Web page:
87. Lorna says

    I am of African descent so I have naturally kinky or curly hair. Can anyone say if the Baking Soda/Vinegar combo works for ‘black’ hair?

  88. Tara says

    Hello Sonnet. I’m a fellow Seattle resident.

    I just mixed my first batch and I have a question: how many drops of essential oils do you use? I decided vanilla was my potion and had fun smelling all of the oils at Whole Foods today.

    • Sonnet says

      It depends on the scent, but I’ll usually add about 10 drops to my bottle of vinegar rinse and then 1 – 2 drops on my hairbrush (if I want to add extra scent to my hair). And, I have to say that smelling all of the oils at WF is one of my favorite past times — especially if I’ve had a stressful day! :)

  89. Mercy says

    i want to share my testimony on how i gain my nature hair back in just three weeks: i had very thick curly hair.i straightened my hair 2 yr ago.they after some time started 2 fall out.i also having dandruff problem all d time, before i used shampoo called antidruf containing ketoconazole and tugain 2%(minoxidil) have stopped using chemical one year ago.but still i am loosing a lots of hair everyday and my hair has become so thin. when a friend of my visit me and i explain how i lose my hair every day, she told me she was having the same problem 3 months ago and he contacted DR OPINGO online, i please with grace and she gave me DR OPINGO email, i email him immediately and explain about my hair to him, he told me not to worry that he is going to help me out.After DR OPINGO have prepared the spell cream i use for good three weeks my hair grow fast and was very thick, all my girl friends love and cherish my hair thank you DR you can contact his email at: (alterofcandletemple05@gmail.com) his cream will make your hair grow fast and thicker.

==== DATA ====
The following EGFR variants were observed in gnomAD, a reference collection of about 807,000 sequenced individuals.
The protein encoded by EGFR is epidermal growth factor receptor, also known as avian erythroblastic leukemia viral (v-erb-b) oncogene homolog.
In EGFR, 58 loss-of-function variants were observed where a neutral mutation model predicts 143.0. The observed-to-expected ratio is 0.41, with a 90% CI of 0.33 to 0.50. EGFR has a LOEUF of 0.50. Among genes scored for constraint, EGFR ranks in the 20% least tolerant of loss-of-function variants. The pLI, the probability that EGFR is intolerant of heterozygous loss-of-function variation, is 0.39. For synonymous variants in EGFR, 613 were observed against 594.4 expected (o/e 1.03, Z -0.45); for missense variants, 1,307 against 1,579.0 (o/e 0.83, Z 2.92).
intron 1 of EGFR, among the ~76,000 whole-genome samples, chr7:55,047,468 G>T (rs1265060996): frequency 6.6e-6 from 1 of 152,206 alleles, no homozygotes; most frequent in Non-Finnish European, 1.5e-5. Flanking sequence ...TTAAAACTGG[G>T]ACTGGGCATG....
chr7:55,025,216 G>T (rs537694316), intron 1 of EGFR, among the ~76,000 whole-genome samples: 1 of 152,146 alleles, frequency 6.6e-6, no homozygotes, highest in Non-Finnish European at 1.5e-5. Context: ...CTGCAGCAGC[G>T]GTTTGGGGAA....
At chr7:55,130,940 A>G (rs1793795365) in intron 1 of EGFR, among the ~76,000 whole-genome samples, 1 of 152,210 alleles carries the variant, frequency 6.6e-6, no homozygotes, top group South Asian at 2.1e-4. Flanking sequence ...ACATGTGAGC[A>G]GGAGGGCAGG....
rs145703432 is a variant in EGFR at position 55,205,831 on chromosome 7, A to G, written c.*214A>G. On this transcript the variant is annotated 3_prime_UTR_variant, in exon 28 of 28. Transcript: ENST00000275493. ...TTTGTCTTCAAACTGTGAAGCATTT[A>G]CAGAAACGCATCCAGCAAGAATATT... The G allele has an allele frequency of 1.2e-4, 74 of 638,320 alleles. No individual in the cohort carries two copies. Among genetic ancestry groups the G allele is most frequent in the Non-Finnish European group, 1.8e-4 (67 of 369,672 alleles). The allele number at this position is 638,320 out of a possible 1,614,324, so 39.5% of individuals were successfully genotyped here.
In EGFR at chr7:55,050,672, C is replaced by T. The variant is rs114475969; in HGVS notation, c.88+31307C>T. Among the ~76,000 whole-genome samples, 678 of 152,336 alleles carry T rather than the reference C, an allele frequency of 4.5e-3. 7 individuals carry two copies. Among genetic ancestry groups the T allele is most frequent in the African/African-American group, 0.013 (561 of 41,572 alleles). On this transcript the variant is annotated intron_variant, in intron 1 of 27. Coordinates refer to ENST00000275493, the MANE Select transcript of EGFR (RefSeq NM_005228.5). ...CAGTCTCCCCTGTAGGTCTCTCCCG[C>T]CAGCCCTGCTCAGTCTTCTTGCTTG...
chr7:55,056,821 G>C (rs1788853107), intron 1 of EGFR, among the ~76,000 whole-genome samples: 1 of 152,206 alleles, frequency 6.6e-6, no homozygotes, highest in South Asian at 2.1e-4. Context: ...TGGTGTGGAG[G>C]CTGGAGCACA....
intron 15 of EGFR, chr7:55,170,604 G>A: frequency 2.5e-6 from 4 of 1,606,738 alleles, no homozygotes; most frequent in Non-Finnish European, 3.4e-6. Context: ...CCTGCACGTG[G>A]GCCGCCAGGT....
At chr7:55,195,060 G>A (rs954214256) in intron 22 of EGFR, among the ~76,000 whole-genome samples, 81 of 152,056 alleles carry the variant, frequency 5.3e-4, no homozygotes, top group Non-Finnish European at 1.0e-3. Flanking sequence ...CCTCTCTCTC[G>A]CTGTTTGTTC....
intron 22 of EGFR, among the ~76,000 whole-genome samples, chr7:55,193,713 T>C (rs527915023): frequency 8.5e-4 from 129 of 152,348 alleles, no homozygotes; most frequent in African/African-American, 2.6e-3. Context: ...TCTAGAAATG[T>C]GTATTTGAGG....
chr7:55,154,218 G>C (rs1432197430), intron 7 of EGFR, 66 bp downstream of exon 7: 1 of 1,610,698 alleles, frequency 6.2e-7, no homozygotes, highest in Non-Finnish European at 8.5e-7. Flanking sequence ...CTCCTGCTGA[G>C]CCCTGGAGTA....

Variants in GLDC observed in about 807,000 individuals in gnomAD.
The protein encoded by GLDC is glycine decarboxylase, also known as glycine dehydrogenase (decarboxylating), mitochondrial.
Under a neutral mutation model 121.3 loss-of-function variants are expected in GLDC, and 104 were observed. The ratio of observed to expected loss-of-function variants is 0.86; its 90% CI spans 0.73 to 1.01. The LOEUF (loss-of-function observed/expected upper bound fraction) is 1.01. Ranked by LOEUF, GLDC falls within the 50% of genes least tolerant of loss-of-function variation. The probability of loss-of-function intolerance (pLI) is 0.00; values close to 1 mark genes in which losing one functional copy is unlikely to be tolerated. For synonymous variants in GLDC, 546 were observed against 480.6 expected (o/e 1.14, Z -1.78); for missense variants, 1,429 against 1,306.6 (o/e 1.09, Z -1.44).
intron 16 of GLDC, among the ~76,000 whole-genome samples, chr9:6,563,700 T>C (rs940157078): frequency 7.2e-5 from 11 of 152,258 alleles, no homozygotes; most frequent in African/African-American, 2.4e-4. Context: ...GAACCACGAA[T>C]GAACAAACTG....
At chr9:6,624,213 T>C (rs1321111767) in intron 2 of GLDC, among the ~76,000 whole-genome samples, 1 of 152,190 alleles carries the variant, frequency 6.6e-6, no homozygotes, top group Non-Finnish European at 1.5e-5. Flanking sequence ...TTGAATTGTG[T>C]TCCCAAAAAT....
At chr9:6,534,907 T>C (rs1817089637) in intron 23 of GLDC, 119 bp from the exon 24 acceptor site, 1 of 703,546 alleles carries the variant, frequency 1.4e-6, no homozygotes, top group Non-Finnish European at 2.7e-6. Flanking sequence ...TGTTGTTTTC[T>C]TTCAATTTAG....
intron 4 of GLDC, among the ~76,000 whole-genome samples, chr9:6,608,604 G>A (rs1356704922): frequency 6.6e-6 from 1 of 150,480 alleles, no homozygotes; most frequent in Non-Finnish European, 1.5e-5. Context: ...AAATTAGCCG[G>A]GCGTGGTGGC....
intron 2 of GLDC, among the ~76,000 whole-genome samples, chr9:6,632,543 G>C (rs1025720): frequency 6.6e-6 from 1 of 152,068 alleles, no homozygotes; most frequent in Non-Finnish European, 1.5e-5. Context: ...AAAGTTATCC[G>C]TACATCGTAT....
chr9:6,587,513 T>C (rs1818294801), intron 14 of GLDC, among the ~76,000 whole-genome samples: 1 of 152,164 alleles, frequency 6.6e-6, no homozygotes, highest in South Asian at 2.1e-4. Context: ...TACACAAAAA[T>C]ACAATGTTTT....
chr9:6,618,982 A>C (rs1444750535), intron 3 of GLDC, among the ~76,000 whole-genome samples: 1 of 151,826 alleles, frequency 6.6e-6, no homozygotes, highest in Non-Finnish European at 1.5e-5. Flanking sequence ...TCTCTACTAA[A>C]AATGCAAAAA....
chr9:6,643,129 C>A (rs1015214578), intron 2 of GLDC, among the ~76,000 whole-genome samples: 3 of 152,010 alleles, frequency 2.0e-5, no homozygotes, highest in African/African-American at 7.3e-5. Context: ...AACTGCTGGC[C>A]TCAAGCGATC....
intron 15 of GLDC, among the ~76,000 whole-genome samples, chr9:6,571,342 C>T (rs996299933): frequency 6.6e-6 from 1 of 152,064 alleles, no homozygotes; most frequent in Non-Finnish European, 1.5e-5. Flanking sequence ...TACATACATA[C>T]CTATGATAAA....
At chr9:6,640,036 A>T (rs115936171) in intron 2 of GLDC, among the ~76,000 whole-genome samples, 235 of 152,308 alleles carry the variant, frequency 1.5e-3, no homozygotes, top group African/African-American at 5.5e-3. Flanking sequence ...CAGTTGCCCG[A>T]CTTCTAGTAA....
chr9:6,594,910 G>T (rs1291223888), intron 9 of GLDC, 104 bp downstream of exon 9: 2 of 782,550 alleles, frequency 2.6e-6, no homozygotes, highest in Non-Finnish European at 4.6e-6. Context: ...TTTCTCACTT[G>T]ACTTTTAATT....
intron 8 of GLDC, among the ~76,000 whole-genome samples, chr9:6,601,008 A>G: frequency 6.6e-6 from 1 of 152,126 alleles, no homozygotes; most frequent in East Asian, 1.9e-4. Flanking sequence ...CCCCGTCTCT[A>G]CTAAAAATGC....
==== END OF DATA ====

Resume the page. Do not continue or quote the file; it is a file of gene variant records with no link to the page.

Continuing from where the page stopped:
90. angela says

    Thanks to Dr Rhoda the great healer who gave me a long hair growing cream, this woman is the best woman everyone everyone going through low hair growth should know. i saw a testimony of this woman shared by one girl on how she help her with her hair growing cream. i also choose to contact her cause i also have a low hair growth, but i am really happy now that my hair is longer than before with the help of this woman’s cream. i will want everyone going through low hair growth to contact her on her email address: cureforallsickness@live.com contact her and she will give you her best spell cream.
    Angela

  91. says

    I use baking soda. With the pH craze which taken over the natural scene, I instantly used alkaline baking soda. It’s nice to know that baking soda has its exceptions and its effectiveness ultimately depends on the head of hair. Great insight!

  92. Faye says

    I am one my fourth week of no poo, just baking soda and vinegar rinse, it is great for 2 or three days and my hair starts to get oily and itchy. is there an essential oil to help stimulate your hair grow? I heard that naatural essential oils of Lavender and/or rosemary does that. did anyone experiment with that? and what were the results?
    Thanks

  93. Kris says

    I’m reading to rinse the vinegar with cold water, seeing as it’s november and really chilly outside where I am, I am going to try warm/ hot water to do these steps, I have a feeling it’ll make the vinegar smell a little stronger but I don’t have anything to commit to for two more days so I thought now would be a perfect time to try this. Will let all know how it goes :) Wish me luck!

    • Kris says

      Did this last night, it went great! The hot water didn’t make the vinegar smell stronger at all. I really noticed the difference right after using the baking soda, my hair was much less tangled then normal when using shampoo. Today its much softer, still some tangles, but way less, and much easier to get a comb through, I’ve also noticed it has more shine and I can see my natural highlights much better. I will be switching over to using this method full time, I love it.

  94. Smita says

    I have wavy-curly hair and have used alllllllllllllllll kinds of shampoos and conditioners (herbal \ luxury \ retail \ drugstore) , nothing , trust me, NOTHING works better than BAKING SODA !!! My hair is definitely less frizzy, more shiny , and i have to shampoo less frequently ! Baking Soda is the BEST kept secret ever !!